Liu and her colleagues tested the mechanism by treating cultured cancer cells with the modified platinum prodrug. They observed a gradual increase in fluorescence in the cancer cells, reaching a maximum level of fluorescence six hours after treatment. Noncancerous cells were not affected in the same way, further proving the effectiveness of their targeting mechanism.

Such noninvasive and real-time imaging of drug-induced apoptosis could be used to evaluate the therapeutic response to a specific anticancer drug at an early stage, explains Liu. “Our system can simultaneously deliver the therapeutic drugs and noninvasively evaluate the therapeutic responses in situ.”

1. Yuan, Y., Kwok, R. T. K., Tang, B. Z., Liu, B. Targeted theranostic platinum(IV) prodrug with a built-in aggregation-induced emission light-up apoptosis sensor for noninvasive early evaluation of its therapeutic responses in situ. Journal of the American Chemical Society 136, 2546–2554 (2014).

Lee Swee Heng | Research SEA News
Further information:

Further reports about: A*STAR anticancer apoptosis drugs effectiveness mechanism therapeutic toxic tumour

All articles from Life Sciences >>>

The most recent press releases about innovation >>>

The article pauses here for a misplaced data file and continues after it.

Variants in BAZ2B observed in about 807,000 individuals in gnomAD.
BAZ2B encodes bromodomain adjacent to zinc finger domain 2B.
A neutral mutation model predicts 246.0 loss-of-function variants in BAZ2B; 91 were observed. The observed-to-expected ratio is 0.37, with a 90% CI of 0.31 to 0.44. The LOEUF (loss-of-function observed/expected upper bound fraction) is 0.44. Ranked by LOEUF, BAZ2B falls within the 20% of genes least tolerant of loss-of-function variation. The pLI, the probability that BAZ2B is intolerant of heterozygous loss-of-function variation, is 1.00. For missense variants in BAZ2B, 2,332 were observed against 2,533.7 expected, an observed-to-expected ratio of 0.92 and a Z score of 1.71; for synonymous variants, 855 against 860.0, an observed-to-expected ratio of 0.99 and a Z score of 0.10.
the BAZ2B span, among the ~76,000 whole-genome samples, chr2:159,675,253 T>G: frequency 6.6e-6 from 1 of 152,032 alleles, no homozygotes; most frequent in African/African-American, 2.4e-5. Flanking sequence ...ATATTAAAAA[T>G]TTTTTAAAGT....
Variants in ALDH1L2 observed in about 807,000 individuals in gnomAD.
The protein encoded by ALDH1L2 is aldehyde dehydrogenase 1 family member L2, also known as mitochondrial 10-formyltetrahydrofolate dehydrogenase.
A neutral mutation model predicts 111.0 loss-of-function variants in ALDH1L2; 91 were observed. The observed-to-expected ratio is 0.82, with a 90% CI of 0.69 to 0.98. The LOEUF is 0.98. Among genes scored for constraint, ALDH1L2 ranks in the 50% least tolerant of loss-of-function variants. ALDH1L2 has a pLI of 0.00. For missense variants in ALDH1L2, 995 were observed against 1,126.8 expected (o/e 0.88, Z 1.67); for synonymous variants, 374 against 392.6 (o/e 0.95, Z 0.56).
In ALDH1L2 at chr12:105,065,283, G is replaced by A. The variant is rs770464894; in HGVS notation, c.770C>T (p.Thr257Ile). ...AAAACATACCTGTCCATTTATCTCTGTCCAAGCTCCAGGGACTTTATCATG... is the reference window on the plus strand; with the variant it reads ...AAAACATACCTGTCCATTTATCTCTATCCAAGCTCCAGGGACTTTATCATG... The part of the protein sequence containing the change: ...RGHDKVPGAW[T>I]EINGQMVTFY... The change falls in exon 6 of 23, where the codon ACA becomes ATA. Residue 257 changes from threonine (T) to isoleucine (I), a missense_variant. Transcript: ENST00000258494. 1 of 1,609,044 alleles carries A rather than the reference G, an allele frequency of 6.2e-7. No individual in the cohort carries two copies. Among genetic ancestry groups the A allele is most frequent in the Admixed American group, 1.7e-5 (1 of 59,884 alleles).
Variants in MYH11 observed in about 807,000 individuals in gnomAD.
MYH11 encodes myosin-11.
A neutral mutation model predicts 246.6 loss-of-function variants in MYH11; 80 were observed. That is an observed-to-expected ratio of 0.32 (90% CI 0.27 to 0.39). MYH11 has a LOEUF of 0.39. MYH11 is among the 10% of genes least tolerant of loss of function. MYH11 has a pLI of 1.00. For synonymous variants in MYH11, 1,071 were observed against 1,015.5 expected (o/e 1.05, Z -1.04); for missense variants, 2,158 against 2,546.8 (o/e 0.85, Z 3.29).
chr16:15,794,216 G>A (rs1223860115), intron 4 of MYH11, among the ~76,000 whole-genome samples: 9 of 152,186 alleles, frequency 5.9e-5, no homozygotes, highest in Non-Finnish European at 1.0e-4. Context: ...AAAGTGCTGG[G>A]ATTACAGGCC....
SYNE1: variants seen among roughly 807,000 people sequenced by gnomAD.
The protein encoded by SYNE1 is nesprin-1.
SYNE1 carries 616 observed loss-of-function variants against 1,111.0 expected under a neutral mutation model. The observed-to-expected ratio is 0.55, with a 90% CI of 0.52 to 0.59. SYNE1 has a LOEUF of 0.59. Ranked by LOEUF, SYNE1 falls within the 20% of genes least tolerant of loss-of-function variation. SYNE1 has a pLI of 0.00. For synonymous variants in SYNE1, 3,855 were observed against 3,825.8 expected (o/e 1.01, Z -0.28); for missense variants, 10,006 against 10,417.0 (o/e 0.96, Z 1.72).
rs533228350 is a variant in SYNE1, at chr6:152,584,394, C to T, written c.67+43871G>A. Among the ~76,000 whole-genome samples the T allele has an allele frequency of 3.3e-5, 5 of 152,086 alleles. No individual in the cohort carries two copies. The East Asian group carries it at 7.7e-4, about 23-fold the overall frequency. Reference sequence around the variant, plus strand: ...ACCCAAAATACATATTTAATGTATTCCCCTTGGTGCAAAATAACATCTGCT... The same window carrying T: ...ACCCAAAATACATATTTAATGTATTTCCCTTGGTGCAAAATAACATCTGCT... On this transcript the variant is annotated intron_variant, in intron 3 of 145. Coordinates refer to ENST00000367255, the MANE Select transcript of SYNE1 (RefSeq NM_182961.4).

Die letzten 5 Focus-News des innovations-reports im Überblick:

Im Focus: Reliable in-line inspections of high-strength automotive body parts within seconds

Nondestructive material testing (NDT) is a fast and effective way to analyze the quality of a product during the manufacturing process. Because defective materials can lead to malfunctioning finished products, NDT is an essential quality assurance measure, especially in the manufacture of safety-critical components such as automotive B-pillars. NDT examines the quality without damaging the component or modifying the surface of the material. At this year's Blechexpo trade fair in Stuttgart, Fraunhofer IZFP will have an exhibit that demonstrates the nondestructive testing of high-strength automotive body parts using 3MA. The measurement results are available in a matter of seconds.

To minimize vehicle weight and fuel consumption while providing the highest level of crash safety, automotive bodies are reinforced with elements made from...

Im Focus: Kick-off for a new era of precision astronomy